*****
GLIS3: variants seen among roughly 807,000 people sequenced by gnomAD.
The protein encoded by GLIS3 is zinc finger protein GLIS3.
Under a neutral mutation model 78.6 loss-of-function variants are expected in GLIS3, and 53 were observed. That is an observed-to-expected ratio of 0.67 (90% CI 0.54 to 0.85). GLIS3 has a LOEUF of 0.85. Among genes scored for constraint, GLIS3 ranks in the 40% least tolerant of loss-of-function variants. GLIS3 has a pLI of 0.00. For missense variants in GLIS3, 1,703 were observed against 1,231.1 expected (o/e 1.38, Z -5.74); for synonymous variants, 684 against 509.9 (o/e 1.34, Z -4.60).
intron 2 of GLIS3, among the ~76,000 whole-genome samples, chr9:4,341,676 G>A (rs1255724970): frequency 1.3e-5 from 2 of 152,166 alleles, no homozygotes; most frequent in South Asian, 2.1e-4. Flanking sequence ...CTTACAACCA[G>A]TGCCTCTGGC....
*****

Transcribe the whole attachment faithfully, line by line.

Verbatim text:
GLIS3: variants seen among roughly 807,000 people sequenced by gnomAD.
The protein encoded by GLIS3 is zinc finger protein GLIS3.
Under a neutral mutation model 78.6 loss-of-function variants are expected in GLIS3, and 53 were observed. That is an observed-to-expected ratio of 0.67 (90% CI 0.54 to 0.85). GLIS3 has a LOEUF of 0.85. Among genes scored for constraint, GLIS3 ranks in the 40% least tolerant of loss-of-function variants. GLIS3 has a pLI of 0.00. For missense variants in GLIS3, 1,703 were observed against 1,231.1 expected (o/e 1.38, Z -5.74); for synonymous variants, 684 against 509.9 (o/e 1.34, Z -4.60).
intron 2 of GLIS3, among the ~76,000 whole-genome samples, chr9:4,341,676 G>A (rs1255724970): frequency 1.3e-5 from 2 of 152,166 alleles, no homozygotes; most frequent in South Asian, 2.1e-4. Flanking sequence ...CTTACAACCA[G>A]TGCCTCTGGC....